A New York Dodge Dealer and His Legacy
SOUTH SALEM, N.Y.
On Nov. 14, 1914, John and Horace Dodge, two bicycle makers turned automotive pioneers, began selling their first cars as the Dodge Brothers Motor Car Company.
The Dodge reputation was so great that thousands of people applied for the first dealerships. Twenty-five were chosen. No. 3 on the list was George T. Tator, an automobile mechanic in a rural slice of Westchester County, who managed to scrape together $800 and a horse to buy four and a half acres with a house and a barn outside South Salem.
In his first year he sold seven of the very first crop of $785 Dodges, using the barn as his garage and office and three horse stalls as bays for the cars. The next year he sold 12, and the year after that 20. Three years after it started, Dodge Brothers Motor Car Company was the fourth-largest automobile manufacturer in the country, and by the late 1920s, Mr. Tator and the five associate dealers now working under him were selling 250 cars a year.
Even then, the auto business could be a tumultuous one. Sales plummeted with the Depression and never surpassed their peaks in the 1920s. The Dodge brothers both died of flu in 1920. Five years later, their widows sold the company to the New York investment firm of Dillon Read & Company for the astonishing sum of $146 million. Walter Chrysler bought the company in 1928 for $170 million and since then it’s lived on as a Chrysler brand, its origins, for 99 percent of consumers, lost in the mists of time.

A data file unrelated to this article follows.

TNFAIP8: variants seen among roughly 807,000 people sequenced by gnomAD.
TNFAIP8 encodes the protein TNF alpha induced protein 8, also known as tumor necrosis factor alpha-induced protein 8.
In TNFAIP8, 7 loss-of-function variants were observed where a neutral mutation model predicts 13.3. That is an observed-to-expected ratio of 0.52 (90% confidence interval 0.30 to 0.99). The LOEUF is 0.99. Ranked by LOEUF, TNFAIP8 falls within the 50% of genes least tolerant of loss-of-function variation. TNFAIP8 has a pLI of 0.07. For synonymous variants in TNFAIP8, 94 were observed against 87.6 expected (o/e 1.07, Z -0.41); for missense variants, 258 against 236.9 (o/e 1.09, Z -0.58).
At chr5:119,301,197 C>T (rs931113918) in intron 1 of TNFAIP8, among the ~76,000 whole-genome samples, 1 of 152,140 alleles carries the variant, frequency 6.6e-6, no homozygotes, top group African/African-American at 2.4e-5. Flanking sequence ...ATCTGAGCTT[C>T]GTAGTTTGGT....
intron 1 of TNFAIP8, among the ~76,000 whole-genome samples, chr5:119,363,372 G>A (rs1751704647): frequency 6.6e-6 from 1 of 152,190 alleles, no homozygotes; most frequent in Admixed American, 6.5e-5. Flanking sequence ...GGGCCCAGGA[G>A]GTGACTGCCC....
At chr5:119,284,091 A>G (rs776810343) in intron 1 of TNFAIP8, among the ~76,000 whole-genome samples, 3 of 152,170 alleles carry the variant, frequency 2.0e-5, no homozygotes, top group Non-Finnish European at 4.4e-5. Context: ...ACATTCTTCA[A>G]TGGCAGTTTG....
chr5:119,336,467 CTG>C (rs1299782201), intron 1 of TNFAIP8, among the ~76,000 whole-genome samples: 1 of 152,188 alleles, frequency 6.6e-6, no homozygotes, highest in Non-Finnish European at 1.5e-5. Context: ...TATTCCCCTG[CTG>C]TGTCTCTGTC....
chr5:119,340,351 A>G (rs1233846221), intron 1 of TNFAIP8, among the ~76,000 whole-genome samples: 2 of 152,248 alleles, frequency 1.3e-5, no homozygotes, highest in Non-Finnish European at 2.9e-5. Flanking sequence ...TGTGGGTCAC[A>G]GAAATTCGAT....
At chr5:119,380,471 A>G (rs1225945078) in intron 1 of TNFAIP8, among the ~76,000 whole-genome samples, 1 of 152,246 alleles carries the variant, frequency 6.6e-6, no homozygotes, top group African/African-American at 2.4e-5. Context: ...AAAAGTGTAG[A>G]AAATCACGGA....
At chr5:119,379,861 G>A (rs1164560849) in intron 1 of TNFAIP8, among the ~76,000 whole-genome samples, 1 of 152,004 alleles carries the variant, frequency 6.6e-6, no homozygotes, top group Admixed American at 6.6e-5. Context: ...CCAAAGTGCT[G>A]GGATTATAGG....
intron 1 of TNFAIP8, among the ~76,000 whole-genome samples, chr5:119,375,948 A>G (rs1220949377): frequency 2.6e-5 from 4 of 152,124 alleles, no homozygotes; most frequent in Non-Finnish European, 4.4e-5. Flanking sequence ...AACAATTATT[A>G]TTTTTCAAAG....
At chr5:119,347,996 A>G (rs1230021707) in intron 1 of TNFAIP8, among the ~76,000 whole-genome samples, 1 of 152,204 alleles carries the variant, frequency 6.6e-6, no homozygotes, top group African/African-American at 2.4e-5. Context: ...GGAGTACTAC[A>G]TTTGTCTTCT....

But if the corporate history got complicated, the Tator history became part of the fabric of local life and American myth. Mr. Tator took a damaged Dodge truck and added two 30-gallon soda and acid tanks to it, and it became the town’s first fire truck. The Fire Department kept its equipment at the dealership until 1953, mechanics dropping wrenches and jumping on the truck when there was a call.
Under George Tator, his son Charles and now Charles’s son, Chuck, it became a local institution the way car dealerships became part of the landscape in towns across the country.
Annual sales climbed to about 100 in the late 1940s and 1950s and then steadily declined as newer dealerships were established, and as buyers began moving away from American cars. Now 30 is a good year. But Tator’s managed to survive not just as a local institution but, improbably, as an international one. Chuck Tator, who still lives above the dealership, became known as one of the most proficient service people for Dodge Vipers, the $90,000 10-cylinder sports cars lusted after by car aficionados.
“He’s one of the absolute masters, the guy to go to on the whole Eastern seaboard, Canada or Europe,” said Scott Grayson, former president of the Viper owners club for New York and Connecticut. “And he’s old-school in the best way, like a doctor who makes house calls.”